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  1. #31
    Established TDF Member mark weaver's Avatar
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    Quote Originally Posted by scuba View Post
    It's Immersion Pulmonary Oedema (or IPE - Edema if you are American). Funnily enough when I was taken to hospital they didn't know what it was either and after speaking to a dive doctor they spent a lot of time on google,
    Hope they were not buying shares

  2. #32
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    Quote Originally Posted by matt View Post
    How was this inner-ear DCS diagnosed? From what I have read it only seem to affect long (over 3 hour?) dives to deep depths (over 150m?) but the evidence is scant.

    Matt.
    I don't know because I didn't discuss it in detail. The two incidents were a couple of years apart and were treated by two different consultants different parts of the country.

  3. #33
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    It took a while, but I am diving again. I am depth limited, due to the likely PFO, but at least I am diving. I will see if I can get fixed at not too high a cost.

  4. #34
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    It takes me a while to sort medical things...

    I do have a PFO. I've not had it closed yet, but I may get it done after a Farnes trip this autumn. One key consideration is whether my insurance will pay - it looks difficult to get it done on the NHS.

  5. #35
    Prior Member Tim Digger's Avatar
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    Just a bit more theory and physiology. It is not an uncommon history that someone with years of uneventful diving and hundreds of dives should get a bend, that is "undeserved" within tables no rapid ascent etc. And then can be shown to have a PFO with bubble shunting IE probably a significant PFO. It begs the question why after so long and probably many more potentially DCI causing dives in the past should this occur now? I once advised someone on YD to get a PFO check after he appeared to become allergic to neoprene the rash he was getting were skin bends and he had a large PFO later closed.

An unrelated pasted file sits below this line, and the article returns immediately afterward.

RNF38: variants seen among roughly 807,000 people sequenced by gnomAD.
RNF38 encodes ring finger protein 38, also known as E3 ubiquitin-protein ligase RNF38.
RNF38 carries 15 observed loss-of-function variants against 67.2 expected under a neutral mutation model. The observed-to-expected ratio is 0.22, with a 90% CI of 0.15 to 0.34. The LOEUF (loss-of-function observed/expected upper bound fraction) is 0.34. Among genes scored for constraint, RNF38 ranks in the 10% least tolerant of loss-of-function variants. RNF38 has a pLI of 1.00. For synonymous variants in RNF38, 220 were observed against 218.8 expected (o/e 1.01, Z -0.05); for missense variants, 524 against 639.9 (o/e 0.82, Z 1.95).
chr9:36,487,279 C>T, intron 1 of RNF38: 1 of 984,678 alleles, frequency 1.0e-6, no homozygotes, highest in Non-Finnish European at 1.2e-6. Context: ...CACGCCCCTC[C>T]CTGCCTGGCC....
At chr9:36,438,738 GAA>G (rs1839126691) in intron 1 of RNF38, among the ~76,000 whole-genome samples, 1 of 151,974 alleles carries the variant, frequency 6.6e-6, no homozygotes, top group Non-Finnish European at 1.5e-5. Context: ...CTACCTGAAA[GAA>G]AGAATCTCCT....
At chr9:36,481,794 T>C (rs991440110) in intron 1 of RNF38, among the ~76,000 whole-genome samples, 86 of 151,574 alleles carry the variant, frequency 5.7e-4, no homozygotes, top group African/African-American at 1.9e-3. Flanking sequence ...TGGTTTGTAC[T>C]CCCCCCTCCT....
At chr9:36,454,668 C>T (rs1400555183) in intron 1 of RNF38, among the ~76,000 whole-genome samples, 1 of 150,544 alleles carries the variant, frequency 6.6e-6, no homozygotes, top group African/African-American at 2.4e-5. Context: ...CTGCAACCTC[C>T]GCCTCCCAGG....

A PFO is a hole between the two atria of the heart. These are the low pressure chambers, the first stage pump into the ventricles that do the serious pumping, the pressure in these two chambers is low in young healthy people about 3/0 on the right and 5/2 on the left. While in theory any bubbles (or more seriously clots of blood) can pass from R to L ac4ross a PFO in practice they usually do not, largely due to the pressure in the left being very slightly higher. As one gets older the resistance to blood flow through the lungs increases (this is a normal effect of ageing and may well be one of the factors limiting maximal exercise as one ages), the back pressure on the right side of the heart that this increased resistance causes will increase slightly the pressures on the Right of the PFO and thus predispose to bubbles being more likely to shunt across to the left and hence round the rest of the body causing DCI. The solution is either closure or stop diving or minimise the risks not only by depth limitation but by severely limiting nitrogen loading. Anyone who doesn't know what I mean by severely limiting should try the P1 or 2 setting on a Suunto computer which will effectively limit you to one <20m dive and maybe a second <10m dive a day. With long surface intervals and no lifting carrying gear post dive.